Toddlers are social terrorists. They understand, "Mine!" and quickly react selfishly toward anyone who threatens their possessions.
Selfishness is a part of the sin-DNA download from Adam and Eve; it must be dealt with at the cross of Jesus Christ. Sharing, however, is a training issue, "Train up a child in the way he should go, and when he is old he will not depart from it" (Prov. 22:6). Sadly, many toddlers never receive that training, and they grow into stingy adults.
The wisdom writer addresses social terrorism and stinginess in adults, "When you sit down with a ruler, consider carefully what is before you; and put a knife to your throat if you are a man given to appetite. Do not desire his delicacies, for they are deceptive food . . . . Do not eat the bread of a miser, nor desire his delicacies; for as he thinks in his heart, so is he. 'Eat and drink!" he says to you, but his heart is not with you" (23:1-2, 6-7). The stingy man cannot relinquish his ownership and sees even what his guests consume as "Mine."
Possessions often possess the hearts of those whose hands clutch them. When Jesus told the parable of the man who built more barns, He warned that the man's possessions were coming to possess him. He challenged His hearers by reminding them, "Take heed and beware of covetousness; for one's life does not consist in the abundance of the things he possesses" (Lk. 12:15). When possessions possess the person, they build a stronghold of stinginess around the heart. And strongholds are difficult to break.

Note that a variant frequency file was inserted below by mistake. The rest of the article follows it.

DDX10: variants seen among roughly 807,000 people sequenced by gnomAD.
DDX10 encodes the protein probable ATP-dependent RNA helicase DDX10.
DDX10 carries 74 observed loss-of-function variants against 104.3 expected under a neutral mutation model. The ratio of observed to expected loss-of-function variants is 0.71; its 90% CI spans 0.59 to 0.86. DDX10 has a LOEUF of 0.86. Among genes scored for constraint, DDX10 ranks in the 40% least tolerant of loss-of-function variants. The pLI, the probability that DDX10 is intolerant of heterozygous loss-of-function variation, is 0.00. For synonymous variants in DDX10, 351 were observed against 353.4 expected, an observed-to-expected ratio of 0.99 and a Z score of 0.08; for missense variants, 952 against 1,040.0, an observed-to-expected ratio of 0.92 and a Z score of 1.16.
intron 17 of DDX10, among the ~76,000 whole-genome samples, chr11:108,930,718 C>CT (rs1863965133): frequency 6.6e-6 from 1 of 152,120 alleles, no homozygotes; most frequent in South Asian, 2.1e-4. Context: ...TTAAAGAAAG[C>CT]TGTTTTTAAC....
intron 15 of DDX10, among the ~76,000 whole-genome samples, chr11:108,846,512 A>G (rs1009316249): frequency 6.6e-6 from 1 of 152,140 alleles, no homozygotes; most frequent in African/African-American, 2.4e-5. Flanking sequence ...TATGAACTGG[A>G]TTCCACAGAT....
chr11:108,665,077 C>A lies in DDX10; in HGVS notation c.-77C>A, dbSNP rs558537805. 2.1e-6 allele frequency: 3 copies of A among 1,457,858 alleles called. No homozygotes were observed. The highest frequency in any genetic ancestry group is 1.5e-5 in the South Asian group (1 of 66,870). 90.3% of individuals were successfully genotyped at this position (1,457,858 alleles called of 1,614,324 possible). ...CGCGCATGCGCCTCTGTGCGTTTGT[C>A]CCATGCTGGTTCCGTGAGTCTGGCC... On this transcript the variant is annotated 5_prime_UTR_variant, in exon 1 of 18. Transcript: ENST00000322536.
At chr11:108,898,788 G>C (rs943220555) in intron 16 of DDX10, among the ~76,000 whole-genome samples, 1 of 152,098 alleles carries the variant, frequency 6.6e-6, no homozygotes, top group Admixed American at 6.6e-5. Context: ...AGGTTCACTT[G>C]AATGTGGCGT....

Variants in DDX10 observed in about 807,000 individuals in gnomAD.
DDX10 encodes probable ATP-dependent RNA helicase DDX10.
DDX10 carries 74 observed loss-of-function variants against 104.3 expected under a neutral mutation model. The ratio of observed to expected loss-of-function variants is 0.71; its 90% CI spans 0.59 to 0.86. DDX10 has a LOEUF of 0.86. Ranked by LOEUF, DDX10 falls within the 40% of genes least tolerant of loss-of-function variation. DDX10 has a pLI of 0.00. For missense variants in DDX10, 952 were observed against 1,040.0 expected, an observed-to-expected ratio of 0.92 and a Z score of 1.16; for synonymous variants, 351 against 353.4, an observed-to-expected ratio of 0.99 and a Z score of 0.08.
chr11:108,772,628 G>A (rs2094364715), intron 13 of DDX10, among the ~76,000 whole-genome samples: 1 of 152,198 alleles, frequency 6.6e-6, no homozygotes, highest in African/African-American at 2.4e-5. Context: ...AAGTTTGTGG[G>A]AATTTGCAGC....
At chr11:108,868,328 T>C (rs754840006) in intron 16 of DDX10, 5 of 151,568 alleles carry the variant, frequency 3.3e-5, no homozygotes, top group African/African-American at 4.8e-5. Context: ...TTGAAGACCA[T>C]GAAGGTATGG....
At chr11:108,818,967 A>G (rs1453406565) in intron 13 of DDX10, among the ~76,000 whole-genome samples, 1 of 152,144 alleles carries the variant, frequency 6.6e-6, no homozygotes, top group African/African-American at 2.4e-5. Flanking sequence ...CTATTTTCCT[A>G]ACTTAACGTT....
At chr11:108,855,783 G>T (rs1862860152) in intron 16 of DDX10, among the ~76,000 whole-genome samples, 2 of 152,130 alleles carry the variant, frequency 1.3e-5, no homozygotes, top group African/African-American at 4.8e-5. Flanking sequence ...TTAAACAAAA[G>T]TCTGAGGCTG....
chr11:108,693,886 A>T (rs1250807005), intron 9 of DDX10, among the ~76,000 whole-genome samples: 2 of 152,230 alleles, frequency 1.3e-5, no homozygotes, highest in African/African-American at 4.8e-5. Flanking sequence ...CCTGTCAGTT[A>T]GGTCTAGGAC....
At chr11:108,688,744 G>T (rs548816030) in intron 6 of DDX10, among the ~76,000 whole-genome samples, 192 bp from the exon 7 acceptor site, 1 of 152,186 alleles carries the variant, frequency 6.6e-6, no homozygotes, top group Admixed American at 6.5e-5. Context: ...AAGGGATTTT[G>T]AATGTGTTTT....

Generosity counteracts stinginess. Generosity, like sharing for a child, is a training issue. It begins with taking stingy thoughts captive and exchanging them with generous thoughts. God promises, "The generous soul will be made rich, and he who waters will also be watered himself" (Prov. 11:25). God's Word offers the antidote to stinginess.
What do the proverbs reveal about God and those who take advantage of others?
What do the proverbs reveal about the heart and sorrow?
What do the proverbs teach about the failure of the wise and the failure of the foolish?
What do the proverbs reveal about making false accusations ad impartial judgments and how they undermine community?
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